Thanks a bunch for making it very clear that it’s perfectly ok not to work too hard, because in the end, you’ll just get raped.

In an effort to find ways to save on monthly costs, I’ve been scrutinizing at our expenses and hope to find paths to shave an extra dollar or two.

One of the expenses that I’ve been looking at is our internet and cable. We downgraded our cable service to just basic cable, no channels past 20. It was hard at first, but we got used to it after a couple of months.

I received an email from a friend that had recommended internet service from Acanac. In doing further research, I found that Acanac rents their lines from Bell. I called Acanac to find out more information on their first year promotion. $24.95 a month for one year seems like a great deal in comparison to what we were paying with Rogers, that’s until I found out that in order to have companies such as Acanac, and Bell Canada be the provider of your internet service, it is required that you to have an active land line, otherwise, you would need to pay around $10 to activate the dry line.

No offense Bell Canada, but the rise in popularity for ditching your land line in favour of your cell phone is going strong, so this means that more and more people won’t be signing up with Bell Canada.

So get with the program, Bell Canada, and stop trying to charge people to “activate” a dry line. When you do, let me know, and I’ll consider your services.

Last week, my friend Andrew Currie helped installed Linux Mint onto Ryan’s laptop. Ryan’s not the most tech savvy guy, so installing Linux may or may not have been a good idea to begin with, but no matter, Andrew and I were set on giving it a new face, because Ryan had been mentioning that his laptop took forever to load, and its speed gets noticeably slower as each season passes, along with a few other little things that were problematic.

We had to give it a new hard drive, because the old one had issues with it, and any given moment, it could just crash. I honestly can’t tell you the process of installing Linux Mint onto the laptop, perhaps Andrew Currie would care to indulge on this.

Since bringing it home, Ryan’s been fidgeting around with it. His objectives with this laptop were to:
1) Surf the net
2) View documents that he brings home from work such as Powerpoint and Excel
3) Download, play music, and sync it to his iPod, which was given to him as a gift just prior to Christmas

Ok, so with these objectives, the first two were met with no problems. The third, however, proved to be a hell of a task for Ryan. Long story short, Ryan as no longer willing to invest his time any further with what he already spent on trying to figure out how Rhythmbox worked. By Saturday evening, he was so frustrated with it that he declared complete abandonment toward his laptop, and raised war on this poor iPod that barely did anything wrong except not have any music on it. So with that, I decided to make it my mission, since my desktop is still running on Windows OS, this was the perfect opportunity to start getting to know Linux, nothing better than baptism by fire, plus I enjoy a good challenge! So Ryan wants to play music on his laptop and put music on his iPod, I was going to make it happen if it was the last thing I do.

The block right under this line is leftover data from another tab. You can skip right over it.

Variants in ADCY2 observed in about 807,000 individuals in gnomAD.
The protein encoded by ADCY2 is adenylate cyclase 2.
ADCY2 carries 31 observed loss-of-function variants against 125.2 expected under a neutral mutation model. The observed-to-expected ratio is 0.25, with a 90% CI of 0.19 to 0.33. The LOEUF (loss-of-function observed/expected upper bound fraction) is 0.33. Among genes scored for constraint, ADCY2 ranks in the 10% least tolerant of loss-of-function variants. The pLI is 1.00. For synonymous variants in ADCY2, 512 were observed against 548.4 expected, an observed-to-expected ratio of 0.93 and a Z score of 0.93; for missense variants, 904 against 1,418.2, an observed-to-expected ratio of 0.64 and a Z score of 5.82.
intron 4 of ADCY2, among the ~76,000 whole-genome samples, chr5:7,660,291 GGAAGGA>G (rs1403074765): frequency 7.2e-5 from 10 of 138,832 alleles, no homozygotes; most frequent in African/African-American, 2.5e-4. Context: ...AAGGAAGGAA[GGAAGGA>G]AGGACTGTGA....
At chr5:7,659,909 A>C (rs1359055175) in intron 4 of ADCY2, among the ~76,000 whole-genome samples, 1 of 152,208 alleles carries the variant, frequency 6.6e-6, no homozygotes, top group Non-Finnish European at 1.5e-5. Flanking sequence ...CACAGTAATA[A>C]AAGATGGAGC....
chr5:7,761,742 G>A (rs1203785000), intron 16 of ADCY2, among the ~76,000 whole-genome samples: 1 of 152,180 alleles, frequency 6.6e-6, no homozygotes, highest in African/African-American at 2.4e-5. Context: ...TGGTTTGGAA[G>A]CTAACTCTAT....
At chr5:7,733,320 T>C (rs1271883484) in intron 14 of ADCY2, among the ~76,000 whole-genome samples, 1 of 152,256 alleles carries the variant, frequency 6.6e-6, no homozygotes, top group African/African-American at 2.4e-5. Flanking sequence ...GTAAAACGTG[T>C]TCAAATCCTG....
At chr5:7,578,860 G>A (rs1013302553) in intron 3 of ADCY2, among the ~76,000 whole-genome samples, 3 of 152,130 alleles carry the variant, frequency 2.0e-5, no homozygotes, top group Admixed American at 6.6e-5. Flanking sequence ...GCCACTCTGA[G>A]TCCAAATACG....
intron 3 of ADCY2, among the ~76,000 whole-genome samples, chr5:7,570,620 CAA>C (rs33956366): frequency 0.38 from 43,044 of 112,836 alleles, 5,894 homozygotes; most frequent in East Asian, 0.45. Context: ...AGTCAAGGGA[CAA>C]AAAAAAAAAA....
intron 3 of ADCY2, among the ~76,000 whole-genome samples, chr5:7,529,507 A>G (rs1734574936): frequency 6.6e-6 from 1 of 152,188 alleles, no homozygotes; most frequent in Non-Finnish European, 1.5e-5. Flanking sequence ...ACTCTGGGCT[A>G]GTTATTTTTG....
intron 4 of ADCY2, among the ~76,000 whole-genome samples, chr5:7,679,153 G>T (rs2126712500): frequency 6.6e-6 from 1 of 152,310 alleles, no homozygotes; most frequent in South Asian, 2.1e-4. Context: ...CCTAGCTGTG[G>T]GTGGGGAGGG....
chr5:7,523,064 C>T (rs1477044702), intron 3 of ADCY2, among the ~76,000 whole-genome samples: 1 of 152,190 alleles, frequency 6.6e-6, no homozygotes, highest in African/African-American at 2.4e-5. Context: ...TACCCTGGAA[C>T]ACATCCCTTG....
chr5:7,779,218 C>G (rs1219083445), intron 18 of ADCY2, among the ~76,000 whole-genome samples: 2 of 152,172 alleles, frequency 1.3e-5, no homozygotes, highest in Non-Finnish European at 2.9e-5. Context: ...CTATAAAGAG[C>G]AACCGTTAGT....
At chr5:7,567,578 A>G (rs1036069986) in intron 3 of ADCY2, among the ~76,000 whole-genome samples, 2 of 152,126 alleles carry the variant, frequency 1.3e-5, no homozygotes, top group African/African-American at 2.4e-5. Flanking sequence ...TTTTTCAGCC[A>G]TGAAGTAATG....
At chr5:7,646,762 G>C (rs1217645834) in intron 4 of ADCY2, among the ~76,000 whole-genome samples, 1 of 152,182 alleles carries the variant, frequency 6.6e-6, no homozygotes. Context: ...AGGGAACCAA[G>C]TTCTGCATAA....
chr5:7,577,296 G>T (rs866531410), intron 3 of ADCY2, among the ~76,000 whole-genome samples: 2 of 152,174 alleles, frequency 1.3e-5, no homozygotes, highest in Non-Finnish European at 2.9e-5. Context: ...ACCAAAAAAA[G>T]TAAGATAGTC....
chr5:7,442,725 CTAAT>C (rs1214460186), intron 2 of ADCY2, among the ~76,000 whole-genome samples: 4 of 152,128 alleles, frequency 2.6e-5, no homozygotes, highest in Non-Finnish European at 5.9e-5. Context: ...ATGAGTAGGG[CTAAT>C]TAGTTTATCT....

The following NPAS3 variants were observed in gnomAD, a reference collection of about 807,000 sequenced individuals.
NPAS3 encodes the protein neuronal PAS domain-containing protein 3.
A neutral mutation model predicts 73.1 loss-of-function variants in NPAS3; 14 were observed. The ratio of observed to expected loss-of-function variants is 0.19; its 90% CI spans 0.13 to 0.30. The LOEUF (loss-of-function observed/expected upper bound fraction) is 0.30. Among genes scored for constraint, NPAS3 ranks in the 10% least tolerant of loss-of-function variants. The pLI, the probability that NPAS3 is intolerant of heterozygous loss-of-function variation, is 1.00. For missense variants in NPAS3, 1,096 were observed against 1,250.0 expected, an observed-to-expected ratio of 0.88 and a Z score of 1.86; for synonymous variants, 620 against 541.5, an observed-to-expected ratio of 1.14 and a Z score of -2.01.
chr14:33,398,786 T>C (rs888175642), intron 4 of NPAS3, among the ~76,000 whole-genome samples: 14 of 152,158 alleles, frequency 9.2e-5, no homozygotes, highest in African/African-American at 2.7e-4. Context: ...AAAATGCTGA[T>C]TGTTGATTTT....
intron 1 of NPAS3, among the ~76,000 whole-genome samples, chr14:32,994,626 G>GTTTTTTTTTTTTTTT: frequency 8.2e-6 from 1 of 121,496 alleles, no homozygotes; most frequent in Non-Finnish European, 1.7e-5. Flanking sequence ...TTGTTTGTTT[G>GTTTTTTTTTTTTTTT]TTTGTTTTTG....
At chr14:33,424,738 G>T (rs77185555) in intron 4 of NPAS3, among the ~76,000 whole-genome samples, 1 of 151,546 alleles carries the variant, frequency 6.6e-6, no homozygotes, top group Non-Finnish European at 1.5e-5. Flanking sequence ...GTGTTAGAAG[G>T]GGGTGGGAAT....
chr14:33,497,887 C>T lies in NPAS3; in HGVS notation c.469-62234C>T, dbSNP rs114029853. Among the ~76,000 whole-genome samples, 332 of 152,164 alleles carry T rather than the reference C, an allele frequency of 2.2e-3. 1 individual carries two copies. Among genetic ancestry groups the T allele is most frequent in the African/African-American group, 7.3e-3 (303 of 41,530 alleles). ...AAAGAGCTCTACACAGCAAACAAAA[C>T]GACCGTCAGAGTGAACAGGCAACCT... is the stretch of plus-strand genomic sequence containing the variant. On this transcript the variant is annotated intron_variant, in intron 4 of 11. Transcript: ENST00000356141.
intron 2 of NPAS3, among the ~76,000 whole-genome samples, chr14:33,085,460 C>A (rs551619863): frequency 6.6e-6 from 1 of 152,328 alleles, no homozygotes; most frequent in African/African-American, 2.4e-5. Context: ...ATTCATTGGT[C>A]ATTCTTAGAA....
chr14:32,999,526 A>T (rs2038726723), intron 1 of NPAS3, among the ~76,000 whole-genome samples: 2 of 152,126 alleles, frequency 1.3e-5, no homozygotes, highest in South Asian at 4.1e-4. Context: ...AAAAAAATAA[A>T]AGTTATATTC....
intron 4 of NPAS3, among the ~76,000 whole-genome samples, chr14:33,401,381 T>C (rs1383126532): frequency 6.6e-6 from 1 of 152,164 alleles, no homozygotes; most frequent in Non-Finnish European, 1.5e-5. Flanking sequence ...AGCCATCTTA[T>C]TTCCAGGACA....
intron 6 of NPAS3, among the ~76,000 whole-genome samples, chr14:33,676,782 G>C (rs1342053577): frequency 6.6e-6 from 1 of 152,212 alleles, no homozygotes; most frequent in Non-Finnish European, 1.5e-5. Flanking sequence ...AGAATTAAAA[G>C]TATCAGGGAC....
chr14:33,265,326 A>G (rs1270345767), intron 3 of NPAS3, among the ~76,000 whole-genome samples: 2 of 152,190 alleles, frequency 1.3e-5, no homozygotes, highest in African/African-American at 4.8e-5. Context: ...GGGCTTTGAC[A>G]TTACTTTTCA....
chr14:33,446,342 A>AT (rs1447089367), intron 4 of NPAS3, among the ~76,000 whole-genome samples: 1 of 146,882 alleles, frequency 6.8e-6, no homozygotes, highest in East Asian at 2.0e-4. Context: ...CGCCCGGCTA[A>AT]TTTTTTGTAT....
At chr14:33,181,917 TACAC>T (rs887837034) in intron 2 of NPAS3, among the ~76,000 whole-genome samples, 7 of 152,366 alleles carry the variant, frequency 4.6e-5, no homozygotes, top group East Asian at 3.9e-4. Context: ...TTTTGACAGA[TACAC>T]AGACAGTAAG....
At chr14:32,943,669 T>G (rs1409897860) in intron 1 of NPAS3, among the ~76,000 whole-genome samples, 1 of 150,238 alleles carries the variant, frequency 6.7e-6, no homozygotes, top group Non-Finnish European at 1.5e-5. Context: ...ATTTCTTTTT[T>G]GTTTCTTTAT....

With the help of Andrew, we decided that perhaps there was something wrong with Rhythmbox, and therefore, let’s uninstall it and find another player.

Uninstalling it was easy, click on Software Manager, and type your search, and you can uninstall it a blink of an eye. Here comes the interesting part: I had no idea that within Software Manager, you can search for software that you wanted to install. As a female, the best way to describe it would be to flip through a Sears catalogue and ticking off the items you want, and the best part, all of it was free!

So here we are, music player-less, browsing through the list, first up, Songbird. We picked SB because Andrew has the experience with it and likes it. Installation complete, but how do we sync up this iPod? Find an Add-on, duh! So I did, but for some bizarre reason, still can’t do it, Songbird isn’t recognizing or picking up the iPod…oh well, let’s move on.

I uninstall it, and went back to the catalogue, Banshee was up next. I liked Banshee’s set up, it seemed really user friendly, I would definitely keep if, if I didn’t have this iPod issue I needed to resolve, seriously, why can’t I sync this damn iPod? Like Songbird, Banshee doesn’t want to recognize it either! Sigh, no luck, so we move on again.

At that moment, I contemplated on reinstalling Rhythmbox and finding out how far we can go with it, but wait, Andrew sees that perhaps Amarok would be our saviour! So, full of hope, I install it, boy does it take long to install in comparison to the other players we’ve tried so far, but hey, great big file could mean great big thing right? I start the application up, and omg, it sees my iPod and wants to talk to it! Woohoo! But wait, my attempt to import my music files into the player fails miserably! I would have tried to figure out what was wrong with it, however, the set up and navigating around the program was complicated that I don’t even bother, because if I’m finding it hard to navigate around already, I’d probably be seeing this laptop in pieces if I gave it to Ryan to use.